Ribosome-Membrane Interaction in Eukaryotic Cells
Ribosomes in eukaryotic cells occur either free or bound to the membranes of the endoplasmic reticulum (ER). So far neither structural nor functional differences have been clearly revealed between these two classes of ribosomes. Thus, available evidence suggests that the ribosome-membrane interaction is not obligatory for the process of polypeptide synthesis per se in membrane-bound ribosomes. Rather this interaction is related to the fate of the nascent chain, providing the structural conditions for its transfer into the membrane-bounded compartment of the ER. Subsequently, the segregated chains may undergo the modifications (proteolytic cleavage, e.g. proinsulin; attachment of carbohydrate, e.g. immunoglobulins) required for secretion, storage, or disposal in the various intracellular membrane-bounded compartments (Golgi complex, condensing vacuoles, zymogen granules, peroxisomes, lysosomes). A role of the ribosome-membrane interaction in the vectorial discharge of proteins into the ER is indicated by (a) the close association of the nascent polypeptide chain with the ER membrane (1, 2); (b) the close association of the large ribosomal subunit with this membrane, detected both electron microscopically and biochemically (3); (c) the selective translation of specific mRNA’s on either free or membrane-bound ribosomes (4, 5, 6). This last observation implies that the information as to whether a particular mRNA is to be translated by free or membrane-bound ribosomes lies in mRNA itself. This and other features of protein biosynthesis (the cycle of ribosomal subunits (7)) can be incorporated into a tentative scheme such as the one illustrated below.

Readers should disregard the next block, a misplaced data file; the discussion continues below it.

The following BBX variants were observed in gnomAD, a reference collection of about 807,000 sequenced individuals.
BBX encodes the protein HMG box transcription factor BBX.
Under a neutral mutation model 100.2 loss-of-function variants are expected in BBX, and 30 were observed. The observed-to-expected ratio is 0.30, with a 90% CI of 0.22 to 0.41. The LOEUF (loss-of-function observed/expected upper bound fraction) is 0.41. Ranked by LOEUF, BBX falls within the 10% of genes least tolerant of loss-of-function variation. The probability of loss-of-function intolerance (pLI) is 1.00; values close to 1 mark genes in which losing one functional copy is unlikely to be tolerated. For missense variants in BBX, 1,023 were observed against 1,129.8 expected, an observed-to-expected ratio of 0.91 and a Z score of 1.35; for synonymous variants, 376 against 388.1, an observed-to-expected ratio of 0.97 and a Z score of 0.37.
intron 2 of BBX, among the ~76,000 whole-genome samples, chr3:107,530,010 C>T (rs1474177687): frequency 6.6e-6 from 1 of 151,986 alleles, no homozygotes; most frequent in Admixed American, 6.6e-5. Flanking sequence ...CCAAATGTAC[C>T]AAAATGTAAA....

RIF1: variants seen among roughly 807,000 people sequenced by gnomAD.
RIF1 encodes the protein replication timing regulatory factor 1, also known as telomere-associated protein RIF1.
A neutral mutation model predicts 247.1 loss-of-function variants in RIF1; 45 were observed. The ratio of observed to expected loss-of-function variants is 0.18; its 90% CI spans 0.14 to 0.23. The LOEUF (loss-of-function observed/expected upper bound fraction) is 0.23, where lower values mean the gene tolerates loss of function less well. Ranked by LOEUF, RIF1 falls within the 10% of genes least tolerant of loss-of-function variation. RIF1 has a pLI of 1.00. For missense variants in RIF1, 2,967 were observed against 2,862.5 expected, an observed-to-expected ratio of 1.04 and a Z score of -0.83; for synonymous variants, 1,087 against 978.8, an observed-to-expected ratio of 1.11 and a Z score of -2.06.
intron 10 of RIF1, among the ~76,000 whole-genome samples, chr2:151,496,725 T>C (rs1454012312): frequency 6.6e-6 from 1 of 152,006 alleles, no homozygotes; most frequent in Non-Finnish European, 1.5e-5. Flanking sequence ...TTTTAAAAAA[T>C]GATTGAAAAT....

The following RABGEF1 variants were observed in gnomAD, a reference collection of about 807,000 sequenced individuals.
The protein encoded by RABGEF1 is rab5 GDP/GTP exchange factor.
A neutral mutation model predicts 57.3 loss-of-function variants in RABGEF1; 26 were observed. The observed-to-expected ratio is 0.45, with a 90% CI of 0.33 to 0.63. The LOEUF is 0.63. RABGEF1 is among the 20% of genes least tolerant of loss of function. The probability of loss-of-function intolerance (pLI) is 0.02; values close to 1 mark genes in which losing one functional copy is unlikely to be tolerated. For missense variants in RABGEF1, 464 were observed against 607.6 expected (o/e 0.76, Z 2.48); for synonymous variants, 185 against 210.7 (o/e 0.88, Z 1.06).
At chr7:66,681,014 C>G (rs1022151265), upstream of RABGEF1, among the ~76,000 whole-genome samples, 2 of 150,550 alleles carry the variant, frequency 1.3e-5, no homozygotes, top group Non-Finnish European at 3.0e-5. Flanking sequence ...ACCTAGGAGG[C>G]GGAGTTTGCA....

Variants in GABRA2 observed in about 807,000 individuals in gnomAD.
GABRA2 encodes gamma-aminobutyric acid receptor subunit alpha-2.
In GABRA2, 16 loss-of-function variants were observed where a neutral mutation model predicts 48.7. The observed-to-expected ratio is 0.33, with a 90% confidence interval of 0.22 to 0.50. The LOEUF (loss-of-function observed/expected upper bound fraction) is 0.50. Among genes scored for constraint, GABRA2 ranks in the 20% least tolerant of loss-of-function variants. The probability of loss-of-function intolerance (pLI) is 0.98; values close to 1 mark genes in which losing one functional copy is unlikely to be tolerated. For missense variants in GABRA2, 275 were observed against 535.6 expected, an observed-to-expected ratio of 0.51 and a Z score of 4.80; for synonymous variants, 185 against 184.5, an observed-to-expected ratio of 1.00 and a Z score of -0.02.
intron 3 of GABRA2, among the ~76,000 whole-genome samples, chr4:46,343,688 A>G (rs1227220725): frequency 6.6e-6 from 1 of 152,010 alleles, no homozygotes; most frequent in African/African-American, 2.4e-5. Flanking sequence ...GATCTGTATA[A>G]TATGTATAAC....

KeywordsEndoplasmic Reticulum Golgi Complex Ribosomal Subunit Endoplasmic Reticulum Membrane Zymogen Granule
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